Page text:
Enough with the complaining about meetings. Yes, I know many of them are boring and waste your time. As a meeting guy, I hear it over and over and over…
So what are you willing to do about it? You can be a better meeting leader and participant. That will help any meeting you happen to be in, but what about all the other meetings?
The real challenge is changing your organization’s meeting culture. Any successful change effort requires a leader. In this case, it will take a meeting hero.
Any reason that meeting hero shouldn’t be you?
As you ponder the possibility of stepping forward, let me define the challenge as eight goals.
- Every meeting has a clear and useful purpose.
- If the purpose can be achieved in a less-expensive way, other than having the meeting, the other method will be used.
- Meetings start on time and don’t last a minute more than necessary.
- Meetings don’t include a single person more than necessary.
- Meetings achieve their purpose.
- Decisions and plans are converted into meaningful action.
- Troublemakers are quickly and effectively dealt with.
- Participants feel energized and happy to have been part of it.
Those goals aren’t going to be easy to achieve. You’ll need to be strategic. Here are three strategies you might consider.
1. Make senior leaders your role models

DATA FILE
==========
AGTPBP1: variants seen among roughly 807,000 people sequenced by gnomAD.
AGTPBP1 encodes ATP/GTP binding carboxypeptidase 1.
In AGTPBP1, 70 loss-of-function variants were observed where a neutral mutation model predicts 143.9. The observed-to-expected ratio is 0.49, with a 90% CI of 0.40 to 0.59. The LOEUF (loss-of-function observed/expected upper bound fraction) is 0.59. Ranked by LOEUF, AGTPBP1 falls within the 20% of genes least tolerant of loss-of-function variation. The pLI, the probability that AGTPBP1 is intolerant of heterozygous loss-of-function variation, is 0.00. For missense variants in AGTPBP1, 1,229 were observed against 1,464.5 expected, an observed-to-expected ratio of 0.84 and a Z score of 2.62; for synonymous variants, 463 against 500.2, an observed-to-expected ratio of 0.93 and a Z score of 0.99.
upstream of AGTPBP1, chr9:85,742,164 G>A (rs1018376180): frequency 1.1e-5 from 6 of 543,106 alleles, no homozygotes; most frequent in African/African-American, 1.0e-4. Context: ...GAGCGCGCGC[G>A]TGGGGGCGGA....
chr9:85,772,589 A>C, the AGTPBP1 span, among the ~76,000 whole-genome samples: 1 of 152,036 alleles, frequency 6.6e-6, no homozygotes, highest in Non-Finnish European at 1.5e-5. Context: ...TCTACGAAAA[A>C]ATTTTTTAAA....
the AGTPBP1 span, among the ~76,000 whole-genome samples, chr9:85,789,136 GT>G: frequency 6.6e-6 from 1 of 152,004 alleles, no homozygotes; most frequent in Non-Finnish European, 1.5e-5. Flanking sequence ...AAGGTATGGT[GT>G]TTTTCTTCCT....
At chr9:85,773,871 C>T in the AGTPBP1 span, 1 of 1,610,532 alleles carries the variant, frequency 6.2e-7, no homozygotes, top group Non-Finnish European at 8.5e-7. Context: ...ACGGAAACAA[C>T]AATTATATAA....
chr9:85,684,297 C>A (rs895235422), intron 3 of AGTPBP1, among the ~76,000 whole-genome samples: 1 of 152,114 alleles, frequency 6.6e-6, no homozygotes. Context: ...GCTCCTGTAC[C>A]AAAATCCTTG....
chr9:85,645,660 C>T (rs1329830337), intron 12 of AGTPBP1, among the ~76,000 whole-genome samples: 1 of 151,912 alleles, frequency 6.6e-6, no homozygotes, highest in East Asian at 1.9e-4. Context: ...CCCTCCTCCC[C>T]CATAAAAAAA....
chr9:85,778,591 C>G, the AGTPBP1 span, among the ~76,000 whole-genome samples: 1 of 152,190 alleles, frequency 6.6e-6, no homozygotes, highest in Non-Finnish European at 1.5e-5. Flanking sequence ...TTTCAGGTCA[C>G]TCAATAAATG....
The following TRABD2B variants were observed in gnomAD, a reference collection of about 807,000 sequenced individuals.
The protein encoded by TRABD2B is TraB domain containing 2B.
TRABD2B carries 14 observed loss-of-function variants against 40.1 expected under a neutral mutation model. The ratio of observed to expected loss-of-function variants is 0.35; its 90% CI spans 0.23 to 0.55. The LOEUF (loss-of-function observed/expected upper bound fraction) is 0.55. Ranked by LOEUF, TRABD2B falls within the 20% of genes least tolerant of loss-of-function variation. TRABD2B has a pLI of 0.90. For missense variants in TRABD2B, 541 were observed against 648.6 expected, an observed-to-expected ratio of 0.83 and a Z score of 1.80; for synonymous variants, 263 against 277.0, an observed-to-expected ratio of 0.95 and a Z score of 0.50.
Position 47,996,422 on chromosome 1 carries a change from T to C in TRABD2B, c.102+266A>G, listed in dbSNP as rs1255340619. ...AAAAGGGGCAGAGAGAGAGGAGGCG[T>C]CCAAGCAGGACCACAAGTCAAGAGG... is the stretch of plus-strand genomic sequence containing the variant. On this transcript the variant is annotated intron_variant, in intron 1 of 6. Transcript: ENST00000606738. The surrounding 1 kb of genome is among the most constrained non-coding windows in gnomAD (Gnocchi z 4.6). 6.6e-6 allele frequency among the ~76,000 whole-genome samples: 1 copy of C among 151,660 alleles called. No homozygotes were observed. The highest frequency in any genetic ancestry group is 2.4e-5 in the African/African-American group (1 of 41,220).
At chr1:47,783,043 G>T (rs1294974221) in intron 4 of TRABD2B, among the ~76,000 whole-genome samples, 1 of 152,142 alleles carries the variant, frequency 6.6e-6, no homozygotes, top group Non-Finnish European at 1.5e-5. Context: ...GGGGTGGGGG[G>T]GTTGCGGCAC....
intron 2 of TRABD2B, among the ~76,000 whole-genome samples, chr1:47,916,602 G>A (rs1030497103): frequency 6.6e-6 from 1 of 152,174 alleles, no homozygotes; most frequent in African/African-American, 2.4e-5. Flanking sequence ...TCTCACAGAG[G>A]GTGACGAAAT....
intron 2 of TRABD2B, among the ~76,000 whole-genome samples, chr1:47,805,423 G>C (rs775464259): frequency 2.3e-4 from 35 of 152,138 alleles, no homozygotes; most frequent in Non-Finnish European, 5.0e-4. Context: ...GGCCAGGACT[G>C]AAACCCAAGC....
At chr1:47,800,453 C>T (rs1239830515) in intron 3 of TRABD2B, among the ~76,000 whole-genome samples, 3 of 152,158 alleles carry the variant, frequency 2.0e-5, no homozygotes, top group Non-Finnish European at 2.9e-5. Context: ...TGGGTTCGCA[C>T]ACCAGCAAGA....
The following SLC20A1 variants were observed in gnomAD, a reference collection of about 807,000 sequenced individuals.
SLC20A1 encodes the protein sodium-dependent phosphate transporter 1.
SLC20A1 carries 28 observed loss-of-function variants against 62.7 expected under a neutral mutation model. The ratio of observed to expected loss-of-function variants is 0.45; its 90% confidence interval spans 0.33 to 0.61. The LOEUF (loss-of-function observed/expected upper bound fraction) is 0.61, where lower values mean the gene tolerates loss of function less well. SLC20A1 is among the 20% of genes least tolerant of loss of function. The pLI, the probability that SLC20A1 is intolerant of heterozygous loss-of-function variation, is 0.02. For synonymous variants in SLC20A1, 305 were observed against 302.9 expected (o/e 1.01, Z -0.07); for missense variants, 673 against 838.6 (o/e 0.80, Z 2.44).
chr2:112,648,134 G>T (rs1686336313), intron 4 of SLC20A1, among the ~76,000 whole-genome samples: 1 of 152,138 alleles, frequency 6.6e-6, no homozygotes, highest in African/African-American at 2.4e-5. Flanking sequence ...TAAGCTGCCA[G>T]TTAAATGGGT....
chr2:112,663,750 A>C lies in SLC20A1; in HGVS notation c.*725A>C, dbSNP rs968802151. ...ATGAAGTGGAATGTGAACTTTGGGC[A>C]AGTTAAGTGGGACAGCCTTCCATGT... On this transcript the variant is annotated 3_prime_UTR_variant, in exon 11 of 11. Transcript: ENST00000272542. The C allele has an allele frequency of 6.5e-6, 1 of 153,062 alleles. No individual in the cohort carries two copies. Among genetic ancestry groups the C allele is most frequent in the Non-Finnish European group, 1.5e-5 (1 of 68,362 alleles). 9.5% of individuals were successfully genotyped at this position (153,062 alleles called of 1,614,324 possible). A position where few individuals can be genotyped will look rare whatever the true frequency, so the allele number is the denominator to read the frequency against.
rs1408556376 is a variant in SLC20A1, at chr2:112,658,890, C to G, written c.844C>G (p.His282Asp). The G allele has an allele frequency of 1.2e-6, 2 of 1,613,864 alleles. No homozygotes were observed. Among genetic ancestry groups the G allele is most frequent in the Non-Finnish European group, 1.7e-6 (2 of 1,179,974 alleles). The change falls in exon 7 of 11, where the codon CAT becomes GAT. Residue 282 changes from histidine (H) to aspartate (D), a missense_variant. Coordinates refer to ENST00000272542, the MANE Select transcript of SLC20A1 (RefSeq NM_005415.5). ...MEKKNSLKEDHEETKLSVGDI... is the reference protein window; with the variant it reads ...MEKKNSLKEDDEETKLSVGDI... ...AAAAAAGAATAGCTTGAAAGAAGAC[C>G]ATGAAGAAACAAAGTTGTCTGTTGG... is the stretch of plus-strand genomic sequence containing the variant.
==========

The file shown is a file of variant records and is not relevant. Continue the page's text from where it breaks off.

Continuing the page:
These folks call and lead a lot of meetings. People take their lead from them. They ought to show others how it’s done. That means you help senior leaders see the issue, provide them with skills they need to be effective facilitators, and then ask them to promote and reinforce better meeting practices throughout the organization.
2. Establish organization-wide expectations
Your coworkers need to know it’s not okay to call a meeting just because it’s Tuesday morning. They need to know meetings are expensive and consume time that could be better spent on other work. Start with the goals list I suggested above as a framework for setting expectations. Put the list in your own words, and then communicate it in multiple ways with lots of repetition.
3. Recruit and train more meeting heroes
While the senior leaders can get things rolling, you’re going to need help in the trenches. You need people on the front lines who lead or attend a lot of meetings. They can spread the word and lead the effort to make meetings better. Find five to help you. Once they are up and running, ask each of them to find five more. One more iteration, and you’ll have plenty of people on board to create the change.
Give It Time
Your meeting culture won’t change overnight. It will take clear goals, solid strategies, and most importantly, someone to lead the charge.
If you’re willing to take up the challenge and become your organization’s meeting hero, I wish you godspeed. You are about to make an important difference.